Because all of the cool kids are doing it, here are my iPhone home screens…
* PCalc – This is the best iPhone calculator for computery people.
* Google – While voice search is a little gimmicky, the search tool is awesomeness
* Clock – This wakes me up in the mornings and lets me know when tea is ready.
* CameraBag – This lets me take photos or alter existing photos in my library with artsy filters like Holga and Lomo.
* VNC – Invaluable if you have to administer or control multiple machines.
* DataCase – This is the closest thing I have to turning the phone into a USB keychain drive. When running, it opens your iPhone as a Windows share, FTP server, and HTTP server and you can set up various permissions (read-ony, read/write, dropbox.)
* Calendar, Mail, Photos, Camera, YouTube, Weather – Everyone gets these.
* Evernote – This is only the coolest notepad ever. It synchronizes with the desktop and web clients.
* Brightkite – They finally released a native client that does a pretty good job of figuring out what business you are at based on your GPS coordinates.
* Tweetie – The Twitter client du jour. Last week it was Tweetsville.
* Byline – I finally gave up NetNewsWire because I couldn’t use synchronize it at work (Linux.) After experimenting with Google Reader, thinking I’d hate it after a day, I’ve never looked back. Byline is a native iPhone client that syncs against Google Reader.
* Maps – A killer mapping app from Google. It was made even more killer by the bus and walking directions.
* Google Earth – It’s gimmicky and fun to show off and that’s the only reason I have it.
* Geocaching – I have yet to visit a cache with the phone, but there’s one near work I want to try.
* GeopherLite – A simple GPS app.
* Yelp / Whrrl / Urbanspoon – Mainly used to find local restaurants and bars.
* iGasUp – Locates gas stations near you and displays their price (which is somehow obtained via credit card databases or somesuch as opposed to most gas price trackers that rely on good samaritans to infrequently update manually.) It has the unfortunate flaw of not actually listing the cheap station near home.
* Now Playing – Movie listings!
* PDXBus – Bus routes and schedules. It uses the GPS trackers on the busses themselves to let you know how long you have to wait for the next one.
* Trapster – This is a speed trap database. It pretty much relies on people posting trap info, and as such the quality of the listings is shaky at best.
* Mobile Fotos – It’s not 100% GPS-related. The main features are uploading and browsing Flickr through a slick iPhone-optimized interface, but it also lets you view photos taken near your current location.
* GeoHash – See also: xkcd
* Sudoku – I play this all the time.
* Aki Mahjongg – Tile matching.
* Bejeweled 2 – I don’t play this as often as I used to.
* Dizzy Bee – You control this little bee disc that rolls around the screen like some kind of plinko ball and picks things up and avoids badguys.
* Enigmo – Build up contraptions that drip and collect water droplets.
* Toy Bot – Another tilt-based game where you control a little robot that started as a toy in a gumball machine.
* D-Mania – It’s like color and/or number matching on a 3D cube and rather difficult to describe.
* Mondo – A bazillion different variants of solitaire.
* Lumen – A lasers-and-mirrors-and-filters puzzle with downloadable levels.
* Spore – It’s the iPhone version of Spore. I hit a high level and haven’t been able to get past it, so consequently haven’t played in a while.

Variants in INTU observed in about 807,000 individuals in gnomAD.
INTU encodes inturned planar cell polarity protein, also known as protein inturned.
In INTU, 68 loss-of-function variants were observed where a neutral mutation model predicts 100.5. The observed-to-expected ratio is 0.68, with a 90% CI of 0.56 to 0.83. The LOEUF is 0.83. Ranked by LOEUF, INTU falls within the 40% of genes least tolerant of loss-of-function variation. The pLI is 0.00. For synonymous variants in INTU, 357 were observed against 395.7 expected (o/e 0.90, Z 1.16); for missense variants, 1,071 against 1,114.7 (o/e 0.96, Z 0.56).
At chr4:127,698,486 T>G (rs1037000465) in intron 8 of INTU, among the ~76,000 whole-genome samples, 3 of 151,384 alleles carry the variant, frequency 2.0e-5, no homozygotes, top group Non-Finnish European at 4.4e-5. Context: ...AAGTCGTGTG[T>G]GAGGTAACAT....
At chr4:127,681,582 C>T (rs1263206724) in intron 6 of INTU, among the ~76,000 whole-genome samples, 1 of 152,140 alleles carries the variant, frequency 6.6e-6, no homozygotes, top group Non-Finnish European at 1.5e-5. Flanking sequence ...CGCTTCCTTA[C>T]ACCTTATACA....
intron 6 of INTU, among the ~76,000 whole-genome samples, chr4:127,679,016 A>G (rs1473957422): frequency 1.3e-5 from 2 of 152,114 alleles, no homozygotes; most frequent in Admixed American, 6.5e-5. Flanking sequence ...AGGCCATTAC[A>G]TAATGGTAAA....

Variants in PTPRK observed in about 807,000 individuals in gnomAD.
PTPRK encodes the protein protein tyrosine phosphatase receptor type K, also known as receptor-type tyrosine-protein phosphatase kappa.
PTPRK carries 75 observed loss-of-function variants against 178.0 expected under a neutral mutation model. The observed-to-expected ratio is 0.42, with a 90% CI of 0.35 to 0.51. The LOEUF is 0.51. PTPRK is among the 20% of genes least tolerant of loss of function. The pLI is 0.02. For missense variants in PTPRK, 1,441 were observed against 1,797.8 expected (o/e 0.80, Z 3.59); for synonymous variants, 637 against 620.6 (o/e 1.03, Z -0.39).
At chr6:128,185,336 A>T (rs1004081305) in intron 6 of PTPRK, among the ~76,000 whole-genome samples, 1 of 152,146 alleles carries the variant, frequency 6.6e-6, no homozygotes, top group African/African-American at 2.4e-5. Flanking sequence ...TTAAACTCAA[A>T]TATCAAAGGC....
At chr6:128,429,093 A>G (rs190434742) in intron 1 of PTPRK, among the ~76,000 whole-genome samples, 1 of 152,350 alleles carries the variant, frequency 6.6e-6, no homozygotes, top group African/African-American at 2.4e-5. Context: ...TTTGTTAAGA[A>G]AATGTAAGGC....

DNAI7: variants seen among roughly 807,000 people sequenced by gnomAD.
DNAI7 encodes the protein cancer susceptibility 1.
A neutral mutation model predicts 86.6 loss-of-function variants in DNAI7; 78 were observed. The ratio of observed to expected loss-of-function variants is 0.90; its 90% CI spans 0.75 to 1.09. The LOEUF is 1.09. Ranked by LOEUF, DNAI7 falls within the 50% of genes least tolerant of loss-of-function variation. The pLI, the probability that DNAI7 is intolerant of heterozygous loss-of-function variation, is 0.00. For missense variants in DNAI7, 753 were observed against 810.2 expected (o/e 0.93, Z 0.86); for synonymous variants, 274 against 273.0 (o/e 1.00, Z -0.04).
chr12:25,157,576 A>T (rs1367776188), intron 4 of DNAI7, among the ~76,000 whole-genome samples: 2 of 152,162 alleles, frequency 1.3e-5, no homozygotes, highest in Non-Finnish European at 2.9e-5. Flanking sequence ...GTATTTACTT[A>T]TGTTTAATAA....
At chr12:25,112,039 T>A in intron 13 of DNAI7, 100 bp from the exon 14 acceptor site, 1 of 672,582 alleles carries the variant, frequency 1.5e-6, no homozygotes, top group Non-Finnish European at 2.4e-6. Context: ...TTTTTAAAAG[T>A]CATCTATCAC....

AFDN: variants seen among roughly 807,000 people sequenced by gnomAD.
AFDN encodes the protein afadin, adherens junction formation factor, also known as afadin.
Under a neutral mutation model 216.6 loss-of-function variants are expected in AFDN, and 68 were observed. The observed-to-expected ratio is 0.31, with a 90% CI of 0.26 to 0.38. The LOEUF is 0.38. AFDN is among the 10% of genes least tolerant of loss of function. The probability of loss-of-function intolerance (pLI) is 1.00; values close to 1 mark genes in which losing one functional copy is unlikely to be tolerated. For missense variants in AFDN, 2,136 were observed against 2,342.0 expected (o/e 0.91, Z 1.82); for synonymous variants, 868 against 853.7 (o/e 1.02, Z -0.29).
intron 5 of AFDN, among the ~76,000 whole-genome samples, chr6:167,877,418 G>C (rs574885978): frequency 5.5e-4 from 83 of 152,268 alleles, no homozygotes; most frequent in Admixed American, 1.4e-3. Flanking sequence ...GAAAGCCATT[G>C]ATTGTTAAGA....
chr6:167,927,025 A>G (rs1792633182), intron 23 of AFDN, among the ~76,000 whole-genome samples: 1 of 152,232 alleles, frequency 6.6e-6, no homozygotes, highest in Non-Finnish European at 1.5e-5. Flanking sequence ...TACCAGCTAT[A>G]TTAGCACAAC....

* Wurdle – It’s a grid of word tiles where you have to form words by traversing from tile to tile. I think it’s like Boggle?
* Adventure – Atari 2600!
* PuzzleManiak – A bunch of Open Source implementations of various puzzle games packaged as an iPhone game.
* WordWarp – An anagramming against a timer game.
* BattleAtSea – Battleship.
* Pandora – If you don’t use Pandora, you’re missing out. A custom streaming radio station tailored to your very own tastes.
* pTerm – An SSH client for shelling into Unix boxes.
* SushiTime – A sushi translation and identification guide.
* USA Manual – Pretty much every founding document related to the US: Declaration of Independence, Articles of Confederation, Constitution, Federalist Papers, Washington’s Farewell Address, Emancipation Proclamation, Gettysburg Address, UN Charter, Censure of McCarthy, Nuclear Test Ban Treaty, Indian Bill of Rights, Patriot Act, list of presidents, details about states, and code related to the US Flag.
* WordPress – Blog authoring client
* ResistorCode – Surface mounts use numbers, but the older through-holes are color coded.
* Rooms – An IRC client.
* 1Password – Password and secure note storage.
* Facebook – Facebook client
* i.TV – TV listings, used to figure out when I should start looking for downloads of the upcoming episodes of my favorite shows.
* Ambiance – background noise
* Cocktails – A bartending guide
* Stanza – An electronic book reader. It is interesting and well-designed, but I don’t feel comfortable reading more than an article or short-story on the phone.
* Remote – Controlling iTunes remotely
* Snap – This is pretty much a scaled down version of nmap wrapped in a GUI. Locate machines on the LAN and see what services they are running.
* iTunes, App Store, Settings, Calculator – They came with the phone
* AOL Radio – Kind of fun, but not as good as Pandora. It streams real radio stations with real ads.
* 2D Sense – for decoding those 2D barcodes
* World 9 – Using the motion sensors, it makes little Mario-collecting-a-coin sound every time you jump.
* PdaNet – Use the iPhone as a modem
* Cydia, Installer – Installing jailbroken apps. FYI: QuickPwn works on the 2.2 firmware.
* BossPrefs – I use this to enable and disable the SSH server in the phone. Considering it has a default root password, it’s rather dangerous to keep SSH running all of the time.